Well what do you know, GM to announce longer warranties

I suppose that the Mike Hunters of the world will now say this is a brilliant move while in the past they have laughed at the idea when I have suggested it many, many times.
http://biz.yahoo.com/rb/060906/autos_gm_warranty.html?.v=1
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Too little, too late
Stu

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Stu P Dasaell wrote:

I agree, the market leader should show leadership rather than being a follower. GM is clearly a follower in this one.
All they really did is to extend the powertrain portion of the warranty to 5 years. Toyota, Honda, Ford and Hyundai are already there or more. GM made theirs 5 years or 100,000 miles, but that high mileage limit will only effect a very small number of buyers. Oddly enough, the high mileage limit makes buying used off-rental vehicles more attractive. Hertz, for example, usually sells their cars at 6-12 months old and with 20-25k miles on them.
Here is the updated news story:
http://news.yahoo.com/s/ap/20060906/ap_on_bi_ge/gm_warranties_3
John
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John Horner wrote:

PC's, everyone else comes out with the new features sooner then when the price drops Dell includes them and sells a whole bunch more. Microsoft is the market leader copying ideas from Apple, linux, Firefox, etc.
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John Horner wrote:

in July, Ford Motor Co. (F) extended its powertrain warranties by up to two years on its 2007 Ford, Lincoln and Mercury models.
On Ford and Mercury vehicles, the powertrain warranty was raised to five years or 60,000 miles, whichever comes first, up from the current three-year, 36,000-mile bumper-to-bumper warranty.
Lincoln powertrain warranties were extended to six years or 70,000 miles, up from the previous four-year, 50,000-mile bumper-to-bumper guarantee.
The warranties cover the engines and transmissions and are retroactive to any 2007 models that already have been purchased, Ford said. The automaker also offers similar guarantees on 2006 models still on the lots.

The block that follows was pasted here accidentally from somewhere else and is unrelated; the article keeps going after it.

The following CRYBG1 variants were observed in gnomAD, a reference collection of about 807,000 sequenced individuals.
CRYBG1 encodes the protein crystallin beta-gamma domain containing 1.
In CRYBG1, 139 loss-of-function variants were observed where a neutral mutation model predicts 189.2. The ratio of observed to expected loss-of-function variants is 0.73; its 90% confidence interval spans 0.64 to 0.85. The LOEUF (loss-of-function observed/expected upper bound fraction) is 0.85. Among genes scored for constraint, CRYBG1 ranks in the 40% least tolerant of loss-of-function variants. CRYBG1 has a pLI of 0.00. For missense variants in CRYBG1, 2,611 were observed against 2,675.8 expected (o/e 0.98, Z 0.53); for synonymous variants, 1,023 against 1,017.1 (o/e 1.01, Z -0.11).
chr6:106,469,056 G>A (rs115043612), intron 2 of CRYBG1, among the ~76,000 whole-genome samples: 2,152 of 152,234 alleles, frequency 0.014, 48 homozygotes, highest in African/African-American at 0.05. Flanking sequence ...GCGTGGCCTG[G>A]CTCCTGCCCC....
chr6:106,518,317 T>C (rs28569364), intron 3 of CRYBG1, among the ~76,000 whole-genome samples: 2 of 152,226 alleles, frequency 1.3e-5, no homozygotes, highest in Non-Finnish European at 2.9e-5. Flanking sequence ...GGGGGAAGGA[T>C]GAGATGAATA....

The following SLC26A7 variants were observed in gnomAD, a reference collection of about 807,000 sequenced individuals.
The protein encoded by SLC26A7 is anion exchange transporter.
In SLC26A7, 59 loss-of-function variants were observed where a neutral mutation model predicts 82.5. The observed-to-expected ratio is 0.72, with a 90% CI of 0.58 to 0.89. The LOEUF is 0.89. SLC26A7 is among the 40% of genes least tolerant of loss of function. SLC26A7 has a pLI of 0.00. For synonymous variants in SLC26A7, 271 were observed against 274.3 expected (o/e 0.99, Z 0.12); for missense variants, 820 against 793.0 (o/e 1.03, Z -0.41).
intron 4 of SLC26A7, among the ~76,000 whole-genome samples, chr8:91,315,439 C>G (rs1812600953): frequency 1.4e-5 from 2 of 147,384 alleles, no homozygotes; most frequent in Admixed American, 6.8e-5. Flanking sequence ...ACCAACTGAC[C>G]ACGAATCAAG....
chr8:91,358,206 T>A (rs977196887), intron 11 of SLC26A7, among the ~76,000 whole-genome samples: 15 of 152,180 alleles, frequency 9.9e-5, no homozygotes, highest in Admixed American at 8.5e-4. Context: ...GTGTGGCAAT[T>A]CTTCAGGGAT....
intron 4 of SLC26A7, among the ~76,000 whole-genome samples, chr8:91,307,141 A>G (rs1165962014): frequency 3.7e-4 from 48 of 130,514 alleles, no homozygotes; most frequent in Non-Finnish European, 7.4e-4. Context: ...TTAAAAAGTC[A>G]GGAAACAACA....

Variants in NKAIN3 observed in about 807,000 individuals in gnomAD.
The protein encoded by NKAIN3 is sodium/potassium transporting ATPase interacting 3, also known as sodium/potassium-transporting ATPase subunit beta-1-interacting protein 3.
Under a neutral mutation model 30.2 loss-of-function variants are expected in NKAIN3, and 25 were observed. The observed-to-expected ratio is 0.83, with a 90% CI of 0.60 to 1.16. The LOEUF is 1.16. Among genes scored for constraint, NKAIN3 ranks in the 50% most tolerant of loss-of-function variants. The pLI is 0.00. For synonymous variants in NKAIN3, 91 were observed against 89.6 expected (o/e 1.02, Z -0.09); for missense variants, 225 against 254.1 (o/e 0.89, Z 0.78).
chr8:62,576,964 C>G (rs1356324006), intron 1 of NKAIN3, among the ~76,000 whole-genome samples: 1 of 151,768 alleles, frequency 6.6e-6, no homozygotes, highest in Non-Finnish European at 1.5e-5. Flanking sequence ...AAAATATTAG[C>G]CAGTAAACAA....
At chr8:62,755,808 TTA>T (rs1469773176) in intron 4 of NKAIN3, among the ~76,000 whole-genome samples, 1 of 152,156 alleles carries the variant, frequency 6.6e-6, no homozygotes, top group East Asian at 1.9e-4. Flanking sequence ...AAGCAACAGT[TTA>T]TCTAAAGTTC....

-
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Still doesn't touch Hyundai's warranty (at least the original Hyundai owner). As much as I love my Chevy...sad but true fact. Anyone got a 98 or newer Lumina they're willing to sell for $1500 or less? ;)
A friend of mine (a month ago) whittled her car choices down to a Hyundai Elantra or a Saturn Ion. The end result? The Hyundai. Why? Tons more standard features and warranty for (roughly) $3000 less. Come on GM, pick up the pace!
-GV
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Actually in every dealer meeting that I attended, for just about every brand we sold, when I was in retail I suggest the manufacture include a 100,000 extended service plan be added to the base price of every model they sold. Doing so would cost a relatively small amount, around $700, when one considers historically less than one percent all extended warranties sold ever pay out more than the cost of the plan and the deductible. The extended warranty should only apply to the original owner.
mike hunt

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wrote:

Is it no longer a GM product when the original owner sells the car ? Is it now "an orphan product"? I'm not baiting you.... its' just that this phrase often comes up in car sales.
All manufacturerss factor the warranty into the price of the vehicle. So the full warranty's "paid for".
One owner or ten owners... if the car's warranteed for 50K miles then the odometer reading should be the warranty cut-off. ????
<rj>
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<RJ> wrote:

It was a dumb idea. The warranty should apply to the product, not to the owner. With the number of GM vehicles which first pass through rental service before ending up with a retail customer Mike's idea is double-dumb.
John
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If Hyundai can offer 100k, surely GM, Ford, and Chrysler should be able to. Why not? Is the product good or not? I drive my cars 150k or more so it is a factor in my decision. I do know a couple of people that bought Hyundai over other brands because of ht warranty.